On Tuesday, a jury convicted Roman T. Lewis, 46, of Sherman, of possession of methamphetamine in an amount of one gram or more but less than four grams. Lewis elected to be sentenced by 59th District Judge Rayburn Nall, and was sentenced to 25 years in prison.
Grayson County District Attorney Joe Brown released a prepared statement that said the case began on Sept. 27, 2015, at approximately 2:30 a.m., when Sherman Police officers were dispatched to the Executive Inn on Texoma Parkway on the report of a large altercation taking place in the parking lot.
Officer Jonathan Harris approached the parking lot and observed Lewis, acting suspiciously and carrying a black backpack. The officer also observed a woman standing outside her room pointing at Lewis, indicating he was somehow involved with the altercation. As Harris approached Lewis on the second floor balcony of the motel to investigate, Lewis suddenly threw down the backpack and denied ownership of the bag, claiming it belonged to a friend. Harris testified that Lewis was acting erratically and showed signs of being high on methamphetamine.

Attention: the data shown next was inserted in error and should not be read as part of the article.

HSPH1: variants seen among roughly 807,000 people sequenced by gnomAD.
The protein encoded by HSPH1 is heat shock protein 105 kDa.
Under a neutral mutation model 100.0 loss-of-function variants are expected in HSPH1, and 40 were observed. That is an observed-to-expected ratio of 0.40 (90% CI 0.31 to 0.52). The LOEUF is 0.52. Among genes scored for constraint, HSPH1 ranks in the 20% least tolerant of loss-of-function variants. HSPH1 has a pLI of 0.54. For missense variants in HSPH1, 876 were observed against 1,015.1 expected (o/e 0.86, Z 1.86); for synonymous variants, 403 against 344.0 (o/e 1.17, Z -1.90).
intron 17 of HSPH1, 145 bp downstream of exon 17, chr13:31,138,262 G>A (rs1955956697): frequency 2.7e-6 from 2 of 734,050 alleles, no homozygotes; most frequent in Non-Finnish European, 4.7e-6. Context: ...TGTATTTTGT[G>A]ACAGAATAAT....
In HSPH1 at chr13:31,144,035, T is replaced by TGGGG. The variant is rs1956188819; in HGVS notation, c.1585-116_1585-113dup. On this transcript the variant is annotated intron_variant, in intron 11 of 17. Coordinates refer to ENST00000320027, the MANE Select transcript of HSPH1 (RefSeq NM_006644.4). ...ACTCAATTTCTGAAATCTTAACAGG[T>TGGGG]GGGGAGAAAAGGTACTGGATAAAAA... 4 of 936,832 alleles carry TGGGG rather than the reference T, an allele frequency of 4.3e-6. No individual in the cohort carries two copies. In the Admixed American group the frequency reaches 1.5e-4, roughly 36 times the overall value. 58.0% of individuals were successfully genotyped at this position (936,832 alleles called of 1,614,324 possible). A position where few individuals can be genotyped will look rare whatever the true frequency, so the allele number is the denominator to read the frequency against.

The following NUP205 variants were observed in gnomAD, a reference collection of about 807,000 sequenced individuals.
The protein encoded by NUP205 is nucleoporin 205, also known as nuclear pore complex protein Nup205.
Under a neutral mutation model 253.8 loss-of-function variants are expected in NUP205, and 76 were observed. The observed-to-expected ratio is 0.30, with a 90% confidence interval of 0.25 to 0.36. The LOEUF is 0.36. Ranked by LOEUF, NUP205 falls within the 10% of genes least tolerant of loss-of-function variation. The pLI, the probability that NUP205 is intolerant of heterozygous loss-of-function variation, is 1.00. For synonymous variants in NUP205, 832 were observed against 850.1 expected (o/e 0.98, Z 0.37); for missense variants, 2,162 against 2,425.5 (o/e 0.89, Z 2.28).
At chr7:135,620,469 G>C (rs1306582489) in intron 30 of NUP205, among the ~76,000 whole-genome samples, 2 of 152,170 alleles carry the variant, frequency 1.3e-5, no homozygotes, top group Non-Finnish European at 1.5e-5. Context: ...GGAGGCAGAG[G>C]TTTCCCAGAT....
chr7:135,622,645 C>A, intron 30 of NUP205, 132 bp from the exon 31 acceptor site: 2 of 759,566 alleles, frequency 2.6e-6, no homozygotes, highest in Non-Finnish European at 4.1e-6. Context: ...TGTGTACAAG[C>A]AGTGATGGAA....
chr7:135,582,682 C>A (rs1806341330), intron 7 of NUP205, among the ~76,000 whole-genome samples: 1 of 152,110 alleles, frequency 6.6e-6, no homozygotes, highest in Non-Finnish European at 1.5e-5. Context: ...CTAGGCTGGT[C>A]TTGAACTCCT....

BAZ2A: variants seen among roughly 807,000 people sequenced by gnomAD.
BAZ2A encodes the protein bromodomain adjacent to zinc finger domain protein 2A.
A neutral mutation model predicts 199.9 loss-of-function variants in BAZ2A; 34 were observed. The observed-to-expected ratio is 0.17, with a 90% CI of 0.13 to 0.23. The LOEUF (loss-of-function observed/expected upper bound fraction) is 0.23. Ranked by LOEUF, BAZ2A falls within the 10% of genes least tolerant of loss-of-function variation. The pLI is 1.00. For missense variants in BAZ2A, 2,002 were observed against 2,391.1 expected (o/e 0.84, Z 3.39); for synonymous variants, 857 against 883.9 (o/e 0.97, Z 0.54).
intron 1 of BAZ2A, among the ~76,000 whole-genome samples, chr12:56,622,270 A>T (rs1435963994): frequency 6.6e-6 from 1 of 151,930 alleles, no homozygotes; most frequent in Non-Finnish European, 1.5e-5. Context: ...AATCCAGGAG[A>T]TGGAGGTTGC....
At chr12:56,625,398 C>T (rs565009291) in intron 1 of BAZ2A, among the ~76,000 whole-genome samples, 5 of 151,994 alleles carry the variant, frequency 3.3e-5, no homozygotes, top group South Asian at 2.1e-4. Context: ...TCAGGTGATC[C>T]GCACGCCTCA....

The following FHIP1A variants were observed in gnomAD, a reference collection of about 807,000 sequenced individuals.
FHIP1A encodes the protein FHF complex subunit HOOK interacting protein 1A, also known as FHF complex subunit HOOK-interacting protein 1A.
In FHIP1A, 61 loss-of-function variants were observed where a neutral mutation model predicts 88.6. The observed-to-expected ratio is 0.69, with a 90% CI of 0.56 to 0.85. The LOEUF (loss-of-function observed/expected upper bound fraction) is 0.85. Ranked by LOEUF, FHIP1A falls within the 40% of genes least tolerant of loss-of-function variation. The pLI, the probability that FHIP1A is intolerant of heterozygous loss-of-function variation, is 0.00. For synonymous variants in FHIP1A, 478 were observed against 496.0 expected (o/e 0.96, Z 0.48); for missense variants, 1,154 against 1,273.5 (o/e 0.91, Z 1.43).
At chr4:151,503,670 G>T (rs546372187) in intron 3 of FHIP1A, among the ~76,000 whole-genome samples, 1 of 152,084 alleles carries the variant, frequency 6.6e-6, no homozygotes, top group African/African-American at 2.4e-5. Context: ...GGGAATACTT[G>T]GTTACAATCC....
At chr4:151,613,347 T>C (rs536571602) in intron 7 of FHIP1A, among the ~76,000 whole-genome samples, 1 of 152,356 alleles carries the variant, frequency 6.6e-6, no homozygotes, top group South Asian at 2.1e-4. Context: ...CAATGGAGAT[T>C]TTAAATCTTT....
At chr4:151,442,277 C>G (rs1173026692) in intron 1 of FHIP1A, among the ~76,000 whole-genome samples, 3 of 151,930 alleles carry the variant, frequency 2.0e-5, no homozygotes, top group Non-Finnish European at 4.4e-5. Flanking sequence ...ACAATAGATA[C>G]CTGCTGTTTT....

As Officer Jamie Bunetto attempted to search the bag, Lewis suddenly began to strike himself in the face and grunt and grind his teeth. Lewis then vaulted over the balcony railing down onto a vehicle below, crushing the vehicle’s hood. Lewis was immediately apprehended and a search of the backpack yielded a meth pipe, scales and a baggie of methamphetamine.
After closing arguments, jurors took just 20 minutes to convict Lewis.
Prosecutors introduced evidence that Lewis had multiple prior convictions and had on three occasions been to prison for prior crimes, including an eight year sentence for burglary and a 15 year sentence in 1994 for aggravated robbery.
“The long sentence was because of Lewis’ criminal history,” Brown said in the statement. “The minimum sentence was 25 years, because of those prior convictions. He is one of those that just never stopped the criminal behavior.”
The sentencing range in the case was 25 years to life because of the two prior prison sentences.
Roman Lewis was represented by Sherman attorney Barry Rubarts, who said his client, who did not take the stand, is planning to both ask for a new trial and appeal. Rubarts said both would be based on the amount of drugs the prosecution said his client had. Rubarts said he had an expert weigh the evidence and that expert found the evidence had a net weight of 1.024 grams, which would have meant the minimum sentence for his client would have fallen in the two year range, rather than the 25 to life range. Rubarts said he objected to the prosecution using the weight of 1.24 grams and his objections was overruled.